As for the 10% who believe that Judge Judy is a Supreme, that seems to be a huge win for our educational system, our college students and our society. That 90% know otherwise is, frankly, pleasantly surprising. Things like names of important public officials are good to know, but are not nearly as important as a basic grasp of what government does, how it functions, what the Constitution means.

And when it comes to these things, a 90% success rate is an unachievable dream.

The chief diversity officer of the University of Iowa said her office plans to have a bias assessment response team in place on campus by the end of the current semester.

The proposed team — which would be known by the acronym BART — would address complaints of racial or other bias on campus concerning incidents that “skirt the line between a policy violation or even a crime.”

“We do need to differentiate between free speech and hate speech,” said Dodge, who also is on the Board of Directors for ACLU Iowa. “I think there are ways that people can abuse freedom just as they can abuse any other gift that they’re given. I think that a BART will help us keep people informed of when they are walking over that line.”

DodgeThat’s from Georgina Dodge, chief diversity officer and associate vice president of the University of Iowa, and ACLU board member, explaining that free speech doesn’t include hate speech, and how her BART (cool acronym, right Mehserle?) will swoop down upon those who “abuse freedom.”

So leave Judy out of it.  She’s no clown, Turley, but an entertainer making $47 million a year, even more than they pay a GW lawprof and occasional television personality.  If we need an example of how college students are clueless about civic virtues, there are far more serious problems:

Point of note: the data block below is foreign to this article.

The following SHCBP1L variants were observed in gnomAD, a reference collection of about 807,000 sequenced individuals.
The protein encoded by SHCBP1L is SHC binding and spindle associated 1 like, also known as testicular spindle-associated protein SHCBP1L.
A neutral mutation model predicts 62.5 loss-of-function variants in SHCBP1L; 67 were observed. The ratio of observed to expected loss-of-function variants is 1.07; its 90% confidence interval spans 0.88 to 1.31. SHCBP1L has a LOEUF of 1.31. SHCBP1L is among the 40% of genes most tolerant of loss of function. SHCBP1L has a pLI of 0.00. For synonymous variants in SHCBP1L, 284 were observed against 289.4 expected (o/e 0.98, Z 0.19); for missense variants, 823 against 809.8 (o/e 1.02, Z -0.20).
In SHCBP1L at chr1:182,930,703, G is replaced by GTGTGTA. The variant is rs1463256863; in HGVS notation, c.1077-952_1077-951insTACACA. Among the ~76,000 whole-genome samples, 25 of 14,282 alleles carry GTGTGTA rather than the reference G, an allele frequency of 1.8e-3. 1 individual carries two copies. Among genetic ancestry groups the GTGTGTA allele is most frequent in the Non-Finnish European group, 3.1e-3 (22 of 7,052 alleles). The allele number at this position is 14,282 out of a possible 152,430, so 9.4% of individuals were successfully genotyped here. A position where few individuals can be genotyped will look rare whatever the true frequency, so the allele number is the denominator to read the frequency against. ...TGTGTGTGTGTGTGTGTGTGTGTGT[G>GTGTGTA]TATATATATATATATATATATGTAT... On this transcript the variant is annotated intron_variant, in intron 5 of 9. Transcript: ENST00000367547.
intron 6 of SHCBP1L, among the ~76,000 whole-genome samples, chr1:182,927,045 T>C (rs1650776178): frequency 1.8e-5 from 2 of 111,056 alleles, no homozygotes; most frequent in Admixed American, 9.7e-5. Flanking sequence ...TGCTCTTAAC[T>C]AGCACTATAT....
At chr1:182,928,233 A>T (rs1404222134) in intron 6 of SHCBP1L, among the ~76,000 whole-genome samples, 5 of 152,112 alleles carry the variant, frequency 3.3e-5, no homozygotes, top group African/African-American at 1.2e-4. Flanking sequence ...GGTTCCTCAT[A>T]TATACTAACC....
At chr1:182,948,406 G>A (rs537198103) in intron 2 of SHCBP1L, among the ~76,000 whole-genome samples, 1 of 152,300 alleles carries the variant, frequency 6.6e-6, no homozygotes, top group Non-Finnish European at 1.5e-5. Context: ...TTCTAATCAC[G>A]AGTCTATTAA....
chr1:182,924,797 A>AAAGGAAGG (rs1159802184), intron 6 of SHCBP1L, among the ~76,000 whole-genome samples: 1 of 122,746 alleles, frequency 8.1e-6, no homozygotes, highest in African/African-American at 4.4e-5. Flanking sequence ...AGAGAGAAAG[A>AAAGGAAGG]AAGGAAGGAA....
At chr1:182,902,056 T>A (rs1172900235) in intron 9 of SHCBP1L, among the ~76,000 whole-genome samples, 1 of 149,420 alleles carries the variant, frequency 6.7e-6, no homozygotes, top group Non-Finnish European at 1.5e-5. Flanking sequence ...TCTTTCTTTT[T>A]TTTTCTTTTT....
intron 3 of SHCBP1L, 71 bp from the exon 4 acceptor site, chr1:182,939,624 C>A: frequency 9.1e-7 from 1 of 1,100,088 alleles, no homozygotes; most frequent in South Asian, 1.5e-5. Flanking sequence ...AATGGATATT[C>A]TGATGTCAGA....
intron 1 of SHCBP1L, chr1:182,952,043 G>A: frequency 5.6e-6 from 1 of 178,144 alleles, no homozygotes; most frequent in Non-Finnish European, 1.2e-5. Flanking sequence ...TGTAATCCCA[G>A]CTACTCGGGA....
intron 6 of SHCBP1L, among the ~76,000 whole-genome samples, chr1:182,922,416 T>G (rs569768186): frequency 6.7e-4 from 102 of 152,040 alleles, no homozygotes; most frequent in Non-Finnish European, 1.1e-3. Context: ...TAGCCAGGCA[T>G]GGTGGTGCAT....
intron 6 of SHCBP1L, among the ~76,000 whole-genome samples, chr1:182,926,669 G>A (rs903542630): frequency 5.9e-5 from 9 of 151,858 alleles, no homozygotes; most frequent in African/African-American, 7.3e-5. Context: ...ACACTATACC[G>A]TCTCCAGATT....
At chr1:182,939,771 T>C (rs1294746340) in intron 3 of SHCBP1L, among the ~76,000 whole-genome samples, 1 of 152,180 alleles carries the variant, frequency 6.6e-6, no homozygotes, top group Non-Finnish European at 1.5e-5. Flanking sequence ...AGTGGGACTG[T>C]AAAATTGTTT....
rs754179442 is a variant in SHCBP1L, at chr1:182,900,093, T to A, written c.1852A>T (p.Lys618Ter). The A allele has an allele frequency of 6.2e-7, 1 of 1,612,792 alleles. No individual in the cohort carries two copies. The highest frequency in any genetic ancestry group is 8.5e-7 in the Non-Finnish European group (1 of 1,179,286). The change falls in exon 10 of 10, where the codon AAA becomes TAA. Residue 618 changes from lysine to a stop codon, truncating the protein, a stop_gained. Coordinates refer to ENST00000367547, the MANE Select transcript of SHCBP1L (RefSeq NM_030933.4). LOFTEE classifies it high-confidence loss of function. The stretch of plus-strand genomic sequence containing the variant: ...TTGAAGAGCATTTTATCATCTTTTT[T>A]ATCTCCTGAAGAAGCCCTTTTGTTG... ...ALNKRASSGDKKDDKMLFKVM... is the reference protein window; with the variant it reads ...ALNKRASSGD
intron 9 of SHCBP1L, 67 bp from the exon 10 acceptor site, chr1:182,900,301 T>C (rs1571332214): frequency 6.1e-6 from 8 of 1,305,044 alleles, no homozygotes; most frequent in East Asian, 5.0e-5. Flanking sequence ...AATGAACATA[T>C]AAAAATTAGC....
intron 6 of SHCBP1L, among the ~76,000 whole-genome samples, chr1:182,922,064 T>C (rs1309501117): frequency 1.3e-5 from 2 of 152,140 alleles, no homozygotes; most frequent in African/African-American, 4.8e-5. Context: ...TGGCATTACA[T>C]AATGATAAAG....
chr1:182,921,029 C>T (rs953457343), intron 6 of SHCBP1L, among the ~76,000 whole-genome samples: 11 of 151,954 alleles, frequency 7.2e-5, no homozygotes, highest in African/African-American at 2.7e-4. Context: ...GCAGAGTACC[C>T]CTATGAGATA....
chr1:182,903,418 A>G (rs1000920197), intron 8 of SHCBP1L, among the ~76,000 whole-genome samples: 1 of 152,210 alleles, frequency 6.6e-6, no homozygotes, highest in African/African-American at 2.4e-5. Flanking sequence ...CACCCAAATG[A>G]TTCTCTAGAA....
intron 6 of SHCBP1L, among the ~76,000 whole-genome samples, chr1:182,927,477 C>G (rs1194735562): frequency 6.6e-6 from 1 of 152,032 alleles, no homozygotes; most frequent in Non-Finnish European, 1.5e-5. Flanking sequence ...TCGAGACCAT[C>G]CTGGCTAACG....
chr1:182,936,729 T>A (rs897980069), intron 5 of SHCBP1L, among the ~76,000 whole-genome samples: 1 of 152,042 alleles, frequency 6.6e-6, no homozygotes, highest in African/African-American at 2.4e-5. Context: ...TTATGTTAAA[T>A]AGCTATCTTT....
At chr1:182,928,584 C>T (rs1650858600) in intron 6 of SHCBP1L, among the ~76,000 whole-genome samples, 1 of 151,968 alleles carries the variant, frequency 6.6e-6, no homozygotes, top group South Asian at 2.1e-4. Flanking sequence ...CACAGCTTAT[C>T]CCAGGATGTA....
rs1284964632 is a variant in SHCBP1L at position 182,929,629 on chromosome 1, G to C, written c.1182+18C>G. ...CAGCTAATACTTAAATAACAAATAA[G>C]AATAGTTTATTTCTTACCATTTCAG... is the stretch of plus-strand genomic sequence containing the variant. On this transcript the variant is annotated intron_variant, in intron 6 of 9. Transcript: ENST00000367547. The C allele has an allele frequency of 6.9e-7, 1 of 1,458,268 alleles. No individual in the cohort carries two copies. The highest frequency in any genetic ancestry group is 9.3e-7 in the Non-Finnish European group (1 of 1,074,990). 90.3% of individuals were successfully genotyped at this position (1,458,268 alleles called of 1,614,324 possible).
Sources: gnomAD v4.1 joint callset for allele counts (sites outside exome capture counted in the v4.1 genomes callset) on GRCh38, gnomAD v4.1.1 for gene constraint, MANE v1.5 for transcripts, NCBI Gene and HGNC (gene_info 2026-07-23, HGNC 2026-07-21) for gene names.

What knowledge students do receive of their history is often one-sided and tendentious. Lately, student protesters have sought to expunge historic figures like Thomas Jefferson or Woodrow Wilson from campus, deeming these men too flawed to deserve monuments or buildings that bear their names. These protesters properly remind us of the cancer of racism that has infected our nation, but their demands are made on campuses where there is little reason to believe that students are sufficiently grounded in knowledge and understanding of the history of America and its civic institutions to make sound judgments.

The problem isn’t that they’re sitting in their dorm rooms watching Judge Judy, but that they’re empowered by administrators like Georgina Dodge to believe whatever lie confirms their passionate beliefs.  And as the study shows, it’s not going to get any better, as students bask in their ignorance, bolstered by a proliferation of very expensive programs that accomplish nothing.

You don’t see Judge Judy shelling out cash to pay for an endowed chair in critical race theory, do you?  She’s too smart to waste her salary on such crap.

*There may be some who confuse Judge Judy with Kim Kardashian, but does this really require further discussion?


22 comments on “Don’t Blame Judge Judy That Students Are Clueless

  1. Victor Medina

    People typically pay good money to have their freedom abused. It’s a cottage industry.

    Also, the two most famous BARTs are Bart Simpson and the dude involved with the Cubs. White males, clearly. She should have spent more time with the acronym. Given this week, could we not have gotten the Kindness Intervention & Normalization Group?